1 x Craft knife or box cutter
Good for cutting fiddly holes
1 x Cutting mat
Protect your table!
1 x Hot glue gun and glue sticks
To attach cardboard & components
1 x Printer or Laser Cutter
To make the template for cutting the rocket
1 x Makedo Cardboard Toolkit [optional]
This would be another, more kid-friendly way to build this project

To make this project easier, we designed a large legal /A3 sized printable template with a nice rocket shape. If you don’t have a large legal / A3 printer, you should be able to tile it onto 2 sheets of A4 or letter size paper. You don’t have to have this, but I found I made a lot less mistakes when I used it!

There’s also a file available for laser cutting the base, if you have access to a laser cutter.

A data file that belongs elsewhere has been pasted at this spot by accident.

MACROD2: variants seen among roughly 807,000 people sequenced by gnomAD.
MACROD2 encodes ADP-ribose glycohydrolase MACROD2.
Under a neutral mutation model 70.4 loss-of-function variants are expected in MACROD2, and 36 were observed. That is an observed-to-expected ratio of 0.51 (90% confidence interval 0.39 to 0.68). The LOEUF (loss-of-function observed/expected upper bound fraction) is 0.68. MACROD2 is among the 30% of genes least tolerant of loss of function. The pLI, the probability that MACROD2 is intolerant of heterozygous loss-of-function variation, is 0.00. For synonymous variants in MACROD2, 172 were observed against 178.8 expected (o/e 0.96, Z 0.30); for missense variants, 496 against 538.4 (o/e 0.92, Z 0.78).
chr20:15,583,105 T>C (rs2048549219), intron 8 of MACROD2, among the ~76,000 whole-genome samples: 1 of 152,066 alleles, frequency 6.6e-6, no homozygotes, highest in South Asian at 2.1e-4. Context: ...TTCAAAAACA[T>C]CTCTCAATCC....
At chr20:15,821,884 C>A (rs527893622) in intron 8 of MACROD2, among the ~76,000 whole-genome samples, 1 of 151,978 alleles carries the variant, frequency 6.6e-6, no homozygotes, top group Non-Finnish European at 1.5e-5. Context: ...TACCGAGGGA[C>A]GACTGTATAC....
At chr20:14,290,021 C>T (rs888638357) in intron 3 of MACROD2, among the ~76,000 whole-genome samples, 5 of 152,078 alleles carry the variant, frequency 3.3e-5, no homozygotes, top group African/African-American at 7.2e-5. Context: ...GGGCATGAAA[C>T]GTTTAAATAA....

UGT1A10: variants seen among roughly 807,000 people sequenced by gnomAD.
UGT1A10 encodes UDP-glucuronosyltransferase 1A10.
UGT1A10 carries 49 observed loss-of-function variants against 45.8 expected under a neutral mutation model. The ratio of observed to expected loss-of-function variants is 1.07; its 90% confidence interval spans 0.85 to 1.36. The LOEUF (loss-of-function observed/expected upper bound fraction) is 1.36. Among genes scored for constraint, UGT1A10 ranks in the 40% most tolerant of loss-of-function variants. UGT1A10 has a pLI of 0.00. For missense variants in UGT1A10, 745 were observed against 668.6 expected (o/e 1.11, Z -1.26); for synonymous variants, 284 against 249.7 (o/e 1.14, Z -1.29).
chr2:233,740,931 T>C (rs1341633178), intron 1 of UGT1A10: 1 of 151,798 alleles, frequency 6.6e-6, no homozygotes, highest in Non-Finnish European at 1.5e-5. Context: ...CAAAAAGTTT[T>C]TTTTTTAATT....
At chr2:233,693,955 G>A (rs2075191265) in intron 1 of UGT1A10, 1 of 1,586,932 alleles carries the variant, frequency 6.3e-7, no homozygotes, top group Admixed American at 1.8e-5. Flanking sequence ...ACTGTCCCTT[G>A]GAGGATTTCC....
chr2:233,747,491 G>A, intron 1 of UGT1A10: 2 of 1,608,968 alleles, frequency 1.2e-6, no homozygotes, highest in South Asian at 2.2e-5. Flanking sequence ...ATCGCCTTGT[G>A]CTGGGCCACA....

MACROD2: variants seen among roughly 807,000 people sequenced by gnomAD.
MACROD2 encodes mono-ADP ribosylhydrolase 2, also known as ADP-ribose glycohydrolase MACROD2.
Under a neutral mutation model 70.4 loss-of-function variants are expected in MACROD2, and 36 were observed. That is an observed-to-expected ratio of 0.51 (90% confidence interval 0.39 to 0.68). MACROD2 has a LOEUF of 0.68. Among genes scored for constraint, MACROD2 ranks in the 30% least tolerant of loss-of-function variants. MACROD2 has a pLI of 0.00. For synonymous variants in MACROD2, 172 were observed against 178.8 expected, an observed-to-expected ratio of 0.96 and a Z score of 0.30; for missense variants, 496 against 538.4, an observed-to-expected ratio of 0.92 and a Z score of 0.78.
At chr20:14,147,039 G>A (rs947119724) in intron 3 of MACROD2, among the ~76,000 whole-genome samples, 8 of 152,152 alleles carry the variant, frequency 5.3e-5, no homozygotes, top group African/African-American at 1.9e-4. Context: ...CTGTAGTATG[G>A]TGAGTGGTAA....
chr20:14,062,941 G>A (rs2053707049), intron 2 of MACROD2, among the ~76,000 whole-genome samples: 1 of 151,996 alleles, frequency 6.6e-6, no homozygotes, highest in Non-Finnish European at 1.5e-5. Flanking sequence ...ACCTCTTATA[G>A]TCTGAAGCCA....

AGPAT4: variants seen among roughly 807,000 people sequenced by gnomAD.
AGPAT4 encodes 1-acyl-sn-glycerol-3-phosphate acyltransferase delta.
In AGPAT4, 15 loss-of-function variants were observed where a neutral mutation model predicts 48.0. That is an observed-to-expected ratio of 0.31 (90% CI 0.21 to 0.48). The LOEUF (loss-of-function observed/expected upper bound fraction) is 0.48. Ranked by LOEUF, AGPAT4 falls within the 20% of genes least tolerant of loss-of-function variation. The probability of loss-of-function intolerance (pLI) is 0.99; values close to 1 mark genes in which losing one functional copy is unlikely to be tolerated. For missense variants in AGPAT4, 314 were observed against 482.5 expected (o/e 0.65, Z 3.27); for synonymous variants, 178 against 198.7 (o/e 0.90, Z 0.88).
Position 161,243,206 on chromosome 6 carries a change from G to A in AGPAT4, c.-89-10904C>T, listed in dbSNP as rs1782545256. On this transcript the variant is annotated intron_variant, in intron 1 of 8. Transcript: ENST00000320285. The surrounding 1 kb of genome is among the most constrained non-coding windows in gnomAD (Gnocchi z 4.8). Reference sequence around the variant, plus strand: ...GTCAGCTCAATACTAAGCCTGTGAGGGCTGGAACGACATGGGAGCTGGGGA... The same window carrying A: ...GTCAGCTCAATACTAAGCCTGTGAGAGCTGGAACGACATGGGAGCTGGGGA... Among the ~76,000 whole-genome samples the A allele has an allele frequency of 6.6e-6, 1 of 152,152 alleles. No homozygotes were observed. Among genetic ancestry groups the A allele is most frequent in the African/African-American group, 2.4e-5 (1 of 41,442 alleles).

Scissors and knives are sharp! Make sure you closely supervise kids if you're doing this project with them. A specialist cardboard cutter (as mentioned on the Overview page) is a good idea if little fingers are involved.

Cut the template out, and if you've tiled it over two pages, tape them together. Place and tape or glue it onto a piece of cardboard, but try not to go over joins or bends in the board.

Use either a craft knife or a pair of scissors to cut around it to make your base shape. You’ll also need to cut out two slots for cables as on the template for the alligator clips. Then remove the template from the cardboard. 

You'll also need to cut some strips of card about a 1.5 inches wide to glue around the edge, but make sure you cut these strips across (perpendicular to) the flutes of the cardboard - see the diagram.

You'll need to use fluted cardboard, preferably with a single wall and dual face. The diagram below should help you figure out what your cardboard is...